“ Irish Ferries is Ireland's largest ferry company operating between Ireland and Britain and Ireland and Continental Europe. Tel:1890 31 3131 (Republic of Ireland); Freephone:0800 018 2211 (Northern Ireland) „
Dear Irish ferries,
I have tried online and to call you to cancel our booking since Saturday with no luck.
We was originally sailing on 23rd May 2013 at 11.50 and the trip was cancelled because of the weather, our accommodation booking was cancelled in Cork but we was given a full refund by Travelodge.
Because of the bank holiday we were unable to book new accommodation in Cork or Dublin till Monday night, having now spent 5 days in Holyhead and having to move to Caernarfon in Wales for a 6th night waiting to travel to Ireland, we have lost most of our 10 day holiday waiting to travel on the ferry, now rebooked on the 27th May.
I asked for a refund on the 22nd May when we was told of the cancelation and was offered £40.00! Of the £498.00 forcing us to rebook or loose our money. My wife who has terminal cancer (Brain tumour) feels it's all to much to do in the four days left to us! to travel the 300 miles to our destination once we get to Ireland then turn around Friday and do the 300 miles back to Dublin for our return journey, then we have another 300+ mile journey from Holyhead to our home in Suffolk. We was originally booked with Stenna lines who gave us a refund when my wife had a virus she recovered quite quick and we tried to rebook but they were unable to meet our needs and they recommended Irish ferries, we booked with you and was shocked when we were told your flexibility option falls way short of the equivalent of Stenna lines and was unable to get a refund.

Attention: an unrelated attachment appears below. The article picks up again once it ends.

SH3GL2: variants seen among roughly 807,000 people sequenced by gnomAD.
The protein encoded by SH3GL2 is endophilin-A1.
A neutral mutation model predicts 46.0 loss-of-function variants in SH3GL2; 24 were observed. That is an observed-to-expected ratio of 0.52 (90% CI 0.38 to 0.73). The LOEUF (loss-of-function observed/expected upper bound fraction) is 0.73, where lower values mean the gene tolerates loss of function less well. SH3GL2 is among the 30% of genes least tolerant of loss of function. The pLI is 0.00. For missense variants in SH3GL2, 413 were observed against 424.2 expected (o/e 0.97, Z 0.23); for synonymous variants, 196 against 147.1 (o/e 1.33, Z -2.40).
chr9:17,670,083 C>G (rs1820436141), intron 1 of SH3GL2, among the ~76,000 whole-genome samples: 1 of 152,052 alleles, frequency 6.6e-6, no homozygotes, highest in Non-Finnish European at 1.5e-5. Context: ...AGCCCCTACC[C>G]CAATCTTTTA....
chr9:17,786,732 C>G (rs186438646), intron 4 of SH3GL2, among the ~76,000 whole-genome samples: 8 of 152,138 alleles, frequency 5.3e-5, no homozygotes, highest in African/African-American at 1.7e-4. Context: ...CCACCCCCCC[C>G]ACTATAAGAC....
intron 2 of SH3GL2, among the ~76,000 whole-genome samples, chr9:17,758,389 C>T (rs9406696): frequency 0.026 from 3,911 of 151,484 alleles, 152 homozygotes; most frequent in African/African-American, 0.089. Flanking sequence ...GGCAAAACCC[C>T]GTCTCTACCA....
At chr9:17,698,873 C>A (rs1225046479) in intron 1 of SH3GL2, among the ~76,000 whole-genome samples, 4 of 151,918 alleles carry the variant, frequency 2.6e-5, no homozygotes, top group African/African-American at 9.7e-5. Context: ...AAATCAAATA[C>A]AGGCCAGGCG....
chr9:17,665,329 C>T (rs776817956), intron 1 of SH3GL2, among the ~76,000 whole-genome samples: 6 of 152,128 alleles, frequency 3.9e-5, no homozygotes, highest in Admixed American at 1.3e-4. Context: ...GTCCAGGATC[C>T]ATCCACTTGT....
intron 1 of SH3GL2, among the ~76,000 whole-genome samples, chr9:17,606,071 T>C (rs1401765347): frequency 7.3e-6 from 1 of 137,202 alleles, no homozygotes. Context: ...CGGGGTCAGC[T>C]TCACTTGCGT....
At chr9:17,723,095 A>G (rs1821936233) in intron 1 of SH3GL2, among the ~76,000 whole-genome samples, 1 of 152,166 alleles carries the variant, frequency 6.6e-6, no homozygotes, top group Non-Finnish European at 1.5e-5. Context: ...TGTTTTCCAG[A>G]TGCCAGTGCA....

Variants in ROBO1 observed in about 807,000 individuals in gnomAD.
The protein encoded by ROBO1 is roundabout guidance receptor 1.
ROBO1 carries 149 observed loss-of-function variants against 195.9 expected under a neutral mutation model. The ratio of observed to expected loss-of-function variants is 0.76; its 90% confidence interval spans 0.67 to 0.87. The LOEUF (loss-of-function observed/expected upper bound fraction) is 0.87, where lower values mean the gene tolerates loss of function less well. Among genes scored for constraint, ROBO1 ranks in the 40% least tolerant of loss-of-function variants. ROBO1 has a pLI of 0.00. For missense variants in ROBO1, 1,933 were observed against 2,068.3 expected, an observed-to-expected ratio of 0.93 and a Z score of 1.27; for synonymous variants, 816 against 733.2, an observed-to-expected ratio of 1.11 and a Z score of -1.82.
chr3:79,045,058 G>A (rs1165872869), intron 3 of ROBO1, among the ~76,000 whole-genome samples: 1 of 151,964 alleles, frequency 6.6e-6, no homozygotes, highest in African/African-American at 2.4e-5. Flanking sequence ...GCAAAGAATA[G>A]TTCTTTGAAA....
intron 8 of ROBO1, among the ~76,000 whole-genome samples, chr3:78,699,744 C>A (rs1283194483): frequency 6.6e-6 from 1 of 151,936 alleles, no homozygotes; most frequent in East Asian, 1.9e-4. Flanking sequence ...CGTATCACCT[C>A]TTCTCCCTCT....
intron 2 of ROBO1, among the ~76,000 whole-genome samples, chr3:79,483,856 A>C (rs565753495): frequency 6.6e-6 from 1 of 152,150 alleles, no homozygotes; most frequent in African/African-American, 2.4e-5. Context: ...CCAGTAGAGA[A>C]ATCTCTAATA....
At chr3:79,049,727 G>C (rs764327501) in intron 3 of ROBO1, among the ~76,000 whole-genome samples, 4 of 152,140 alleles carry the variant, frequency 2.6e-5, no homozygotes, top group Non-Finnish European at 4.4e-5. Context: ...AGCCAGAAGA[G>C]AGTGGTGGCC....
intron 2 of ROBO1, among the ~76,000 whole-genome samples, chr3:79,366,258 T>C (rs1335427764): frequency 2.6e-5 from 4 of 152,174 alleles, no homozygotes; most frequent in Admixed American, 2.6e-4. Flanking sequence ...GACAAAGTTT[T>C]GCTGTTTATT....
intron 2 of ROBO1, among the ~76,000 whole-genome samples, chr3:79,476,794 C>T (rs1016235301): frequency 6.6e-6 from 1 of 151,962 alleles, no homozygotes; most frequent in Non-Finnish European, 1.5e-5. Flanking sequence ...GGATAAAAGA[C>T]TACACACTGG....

My wife is ill and wants to go home,she has had enough as have I, we have also been told when we enquired about a refund that because of the weather it is likely our ferry will be cancelled again Monday. We are going home today, driving the 300 miles back.
I have also been told we should have been offered a full refund when our ferry was cancelled but was told I couldn't, I intend pursue this.
I used Irish Ferries recently to travel from the UK mainland to Ireland on the Holyhead - Dublin Route.
The Irish ferries website (www.irishferries.com) is simple and straight forward to use. The booking facility is right on the main homepage and it is simply a matter of choosing the route you wish to sail, and the dates, selecting which (if any) vehicle you will be taking, and you are taken straight through to a page which lets you select the times you would like to sail at and gives you the various prices available.
There are two sailing options (ships) available for the Holyhead - Dublin crossing.
Ulysses - A cruise ferry which takes 3.5 hours and;
Jonathan Swift - A fast ferry which gets from port to port in 1 hour 49 minutes.
Once you have selected which sailing you would like to book, you simply put in your credit card details and a confirmation and booking number are emailed to you which you must print out and take the check in with you when you travel.
Checking in again was straight forward, I travelled by car from London to Holyhead which took about 5 hours, I had my TomTom with me so I had no problems finding the ferry terminal, however, those of you without a satnav shouldn't have too many problems as Holyhead is a small town and the docks are well sign posted. When I arrived, I parked in one of the lanes of cars which are very clearly marked. I then drove through the barrier having presented my photographic ID and booking reference and was given a sticker to put on my front window. I was then ushered to another lane of traffic and told to wait to board the ship.